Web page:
Whenever we are called upon to show forebearance to an annoying person or minister mercy to someone who is unlovable, we do well to remember that the God of glory and perfection loved us when we were dead in our sins. When our trust is betrayed and suddenly we must forgive horrendous wrongs done to us (or to those we love), God’s grace enables us to be merciful and forgiving like Christ—especially as we remember the Gospel and the great debt that we have been forgiven (see the Parable of the Unmerciful Servant in Matt. 18:21-35).

Second, we must identify and repent of our sinful demands—especially those concerning other people. Because we love deeply, women often have unrealistic and unreasonable desires concerning relationships. Movies, television, novels, and commercials portray perfect relationships without struggle or failure. Often, women expect the people in their lives to “know the script,” do the right thing, meet all their needs, and never let them down. When those expectations grow to be demands on relationships, and the demands go unmet, conflict erupts (see James 4:1 and Getting to the Heart of Conflict).

The reality is that no one is perfect, except for the Lord. Non-Christians do not have the Holy Spirit of God in them, and they are not yet born again. Christians are fully justified before the Holy God, but we are all at different levels of spiritual maturity. We are growing in sanctification to be conformed to the likeness of Christ, but we are not perfect in this life. Until we reach heaven, we will continue to sin and fail the people around us. Mature women of God understand that people are human and in need of grace. Instead of placing unrealistic demands on one another, they show patience and mercy as they spur one another on in the faith.

“I just don’t get it! I try so hard to be a good friend, but people tell me that they feel like I talk circles around them, box them into corners, and make them feel stupid. One co-worker told me recently, ‘Janet, because you are better with words than me, you are going to win this argument. But you are not right.’ I was devastated. But I don’t know how to change!”

Third, we must identify our relational weaknesses and strive to improve. We do this to please God—not to impress others or “look good.” We pray for God’s help as we grow in maturity, because we cannot grow by relying on our own strength. We pray, study, and seek wise counsel to identify the areas in our lives that are in need of further sanctification. For instance: Do you know how to listen well and draw people out—or do you talk so much that you do not give others a chance to be heard? Are you struggling with gossip? Do you like the feeling of being “in the know” and having people pay attention to you—or are you trustworthy and discrete? Have you learned about different personalities and learning styles, so that you can rejoice in the diversity in the people around you—or do you show preference to only “certain” people that act the way you want them to?

If we want people to be vulnerable with us and confide their hearts in us, we must show ourselves to be trustworthy, godly, gracious women by turning away from any sinful, immature ways of relating and becoming more Christlike. We must understand and memorize Scripture so that our theology will be sound and we will be able to take every thought captive to Christ. Instead of acting rashly, we must learn to pause and discern whether our words and actions will be wise and promote love, health, and godliness. Where we are lacking, we must ask God to help us to grow in grace and wisdom.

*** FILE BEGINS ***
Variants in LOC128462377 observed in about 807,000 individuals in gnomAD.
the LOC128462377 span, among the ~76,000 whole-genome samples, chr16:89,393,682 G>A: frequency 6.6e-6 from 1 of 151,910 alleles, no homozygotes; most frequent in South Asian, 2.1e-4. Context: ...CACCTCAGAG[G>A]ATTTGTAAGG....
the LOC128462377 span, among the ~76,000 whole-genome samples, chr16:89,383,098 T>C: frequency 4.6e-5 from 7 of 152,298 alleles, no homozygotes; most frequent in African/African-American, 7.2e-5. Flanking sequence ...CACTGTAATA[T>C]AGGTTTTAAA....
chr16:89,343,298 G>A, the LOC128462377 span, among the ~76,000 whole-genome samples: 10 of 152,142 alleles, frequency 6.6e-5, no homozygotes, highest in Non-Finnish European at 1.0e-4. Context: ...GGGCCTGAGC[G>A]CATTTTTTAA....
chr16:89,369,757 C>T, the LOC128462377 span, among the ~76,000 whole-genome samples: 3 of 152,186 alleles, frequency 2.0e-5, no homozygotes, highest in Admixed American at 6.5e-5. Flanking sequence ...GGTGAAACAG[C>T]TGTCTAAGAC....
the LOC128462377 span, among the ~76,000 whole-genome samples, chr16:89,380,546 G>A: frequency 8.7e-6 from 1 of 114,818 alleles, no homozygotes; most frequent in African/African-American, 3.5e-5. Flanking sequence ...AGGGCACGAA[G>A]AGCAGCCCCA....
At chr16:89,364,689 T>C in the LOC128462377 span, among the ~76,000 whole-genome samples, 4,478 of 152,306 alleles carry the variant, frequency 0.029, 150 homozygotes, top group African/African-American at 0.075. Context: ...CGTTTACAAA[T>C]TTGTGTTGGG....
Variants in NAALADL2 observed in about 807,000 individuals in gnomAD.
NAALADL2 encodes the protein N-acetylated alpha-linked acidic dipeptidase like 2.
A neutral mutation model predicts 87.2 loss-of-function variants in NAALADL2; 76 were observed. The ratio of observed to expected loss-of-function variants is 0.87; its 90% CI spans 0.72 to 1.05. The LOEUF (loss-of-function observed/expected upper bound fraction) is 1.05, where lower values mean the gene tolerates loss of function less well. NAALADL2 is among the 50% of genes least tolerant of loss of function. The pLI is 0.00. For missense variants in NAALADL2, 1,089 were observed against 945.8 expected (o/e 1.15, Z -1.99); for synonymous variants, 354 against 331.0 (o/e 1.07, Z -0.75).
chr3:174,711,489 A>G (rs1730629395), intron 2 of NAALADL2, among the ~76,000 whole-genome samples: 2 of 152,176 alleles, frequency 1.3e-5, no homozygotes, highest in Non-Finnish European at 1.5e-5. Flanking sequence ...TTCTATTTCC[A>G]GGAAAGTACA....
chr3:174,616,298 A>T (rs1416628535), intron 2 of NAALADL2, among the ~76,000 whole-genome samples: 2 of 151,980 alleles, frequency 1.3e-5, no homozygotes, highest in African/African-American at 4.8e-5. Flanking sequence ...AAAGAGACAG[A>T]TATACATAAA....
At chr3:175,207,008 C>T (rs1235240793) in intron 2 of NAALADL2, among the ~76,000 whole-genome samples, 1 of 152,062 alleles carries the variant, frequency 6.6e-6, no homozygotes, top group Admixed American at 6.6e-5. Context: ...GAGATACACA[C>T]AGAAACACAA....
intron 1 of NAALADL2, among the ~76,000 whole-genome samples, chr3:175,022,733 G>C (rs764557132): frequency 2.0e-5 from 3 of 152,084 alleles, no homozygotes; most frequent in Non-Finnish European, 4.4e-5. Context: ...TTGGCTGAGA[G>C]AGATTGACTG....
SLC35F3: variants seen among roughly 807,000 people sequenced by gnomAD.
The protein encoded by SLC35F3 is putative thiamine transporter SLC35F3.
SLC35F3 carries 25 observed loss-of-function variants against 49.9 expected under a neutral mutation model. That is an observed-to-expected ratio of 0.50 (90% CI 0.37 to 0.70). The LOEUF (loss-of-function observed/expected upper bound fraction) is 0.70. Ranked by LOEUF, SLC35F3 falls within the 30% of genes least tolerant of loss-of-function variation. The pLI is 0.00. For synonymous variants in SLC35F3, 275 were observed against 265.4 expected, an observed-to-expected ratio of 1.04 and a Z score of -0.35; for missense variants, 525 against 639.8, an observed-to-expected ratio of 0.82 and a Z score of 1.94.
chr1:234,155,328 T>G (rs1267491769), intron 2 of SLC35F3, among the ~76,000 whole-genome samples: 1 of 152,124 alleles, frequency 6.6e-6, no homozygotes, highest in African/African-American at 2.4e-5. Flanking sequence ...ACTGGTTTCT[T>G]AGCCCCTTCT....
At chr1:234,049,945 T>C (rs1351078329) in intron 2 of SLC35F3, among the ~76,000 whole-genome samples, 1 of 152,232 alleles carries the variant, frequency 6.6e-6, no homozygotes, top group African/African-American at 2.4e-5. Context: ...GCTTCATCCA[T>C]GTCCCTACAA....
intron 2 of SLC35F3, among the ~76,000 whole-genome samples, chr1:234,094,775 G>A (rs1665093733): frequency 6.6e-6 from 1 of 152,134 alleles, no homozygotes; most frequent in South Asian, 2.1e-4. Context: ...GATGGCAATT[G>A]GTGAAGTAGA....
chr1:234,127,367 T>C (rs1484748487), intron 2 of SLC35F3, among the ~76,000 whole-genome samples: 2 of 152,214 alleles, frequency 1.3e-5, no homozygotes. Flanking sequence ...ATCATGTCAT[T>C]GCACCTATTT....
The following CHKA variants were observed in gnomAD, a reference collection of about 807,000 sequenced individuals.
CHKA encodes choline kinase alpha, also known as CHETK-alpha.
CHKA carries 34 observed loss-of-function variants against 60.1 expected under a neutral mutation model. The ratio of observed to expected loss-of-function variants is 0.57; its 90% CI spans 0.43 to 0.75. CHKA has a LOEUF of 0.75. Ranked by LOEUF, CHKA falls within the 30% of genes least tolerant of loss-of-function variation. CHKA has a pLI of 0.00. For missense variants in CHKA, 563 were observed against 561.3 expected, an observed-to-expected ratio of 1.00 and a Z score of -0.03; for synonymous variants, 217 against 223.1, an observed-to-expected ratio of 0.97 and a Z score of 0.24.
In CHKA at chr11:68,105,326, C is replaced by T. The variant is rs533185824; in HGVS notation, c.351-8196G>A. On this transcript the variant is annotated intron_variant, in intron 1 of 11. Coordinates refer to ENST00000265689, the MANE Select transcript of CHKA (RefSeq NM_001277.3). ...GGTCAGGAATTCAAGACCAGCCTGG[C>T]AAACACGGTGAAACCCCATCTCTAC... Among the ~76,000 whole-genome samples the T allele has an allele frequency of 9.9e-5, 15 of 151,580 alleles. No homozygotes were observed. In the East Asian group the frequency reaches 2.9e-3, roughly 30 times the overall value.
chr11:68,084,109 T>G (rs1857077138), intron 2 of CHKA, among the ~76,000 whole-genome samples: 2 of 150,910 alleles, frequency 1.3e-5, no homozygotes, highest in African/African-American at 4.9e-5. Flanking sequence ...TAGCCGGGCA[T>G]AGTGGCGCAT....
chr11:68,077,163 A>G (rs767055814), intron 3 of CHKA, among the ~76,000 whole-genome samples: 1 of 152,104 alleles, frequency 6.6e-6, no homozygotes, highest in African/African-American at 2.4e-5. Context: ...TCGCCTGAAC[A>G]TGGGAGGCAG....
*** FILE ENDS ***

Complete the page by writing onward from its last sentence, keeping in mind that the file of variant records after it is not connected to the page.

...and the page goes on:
And remember—Scripture is clear that all of our good works and ministry accomplishments are as nothing, if we have not love (see 1 Cor. 13). For women and men alike, our only hope is in the saving grace of God through Jesus Christ. Thanks be to God for his steadfast love toward us.

Further Resources and Training

If you would like to gain even greater understanding of God’s Word as you strengthen your skills as a woman of God and as a biblical peacemaker, we encourage you to explore this website and delve into the various resources and training opportunities provided.

In addition, our adjunct instructor team offers live training on a variety of topics that may be of interest to you, your church/denomination, or your women’s ministry, including

  • Bringing Healing to Mother-Daughter Conflicts
  • The Theological Foundation for our Relationships as Women
  • Learning to Work with People We Don’t Like
  • Women of Peace Amid Holiday Strife
  • Raising Children to be Peacemakers
  • Oceans of Emotions: Effectively Ministering Peace to Women
  • Women of God with Strong Personalities
  • Forgiving Those Who Reject and Abandon Us
  • Women Leaders and Conflict
  • … and more

NOTE: Peacemaker Ministries does not have audio tapes or further resources on the “un-linked” topics above—they are only available as live seminars or directly from the author, Tara Klena Barthel (see contact information below).

We hope that you will help the women in your church or ministry grow in Christian maturity and biblical peacemaking by contacting our Events Department (406-256-1583) today for information on how you can bring custom training in biblical peacemaking to your women’s ministry retreat, conference, or seminar.

Adapted from a teaching by Tara Klena BarthelA Journey of Grace—Women and Peacemaking. Tara is the co-author of Peacemaking Women: Biblical Hope for Resolving Conflict. You may contact Tara at tara@tarabarthel.com or visit www.tarabarthel.com for more information on her teaching or speaking availability.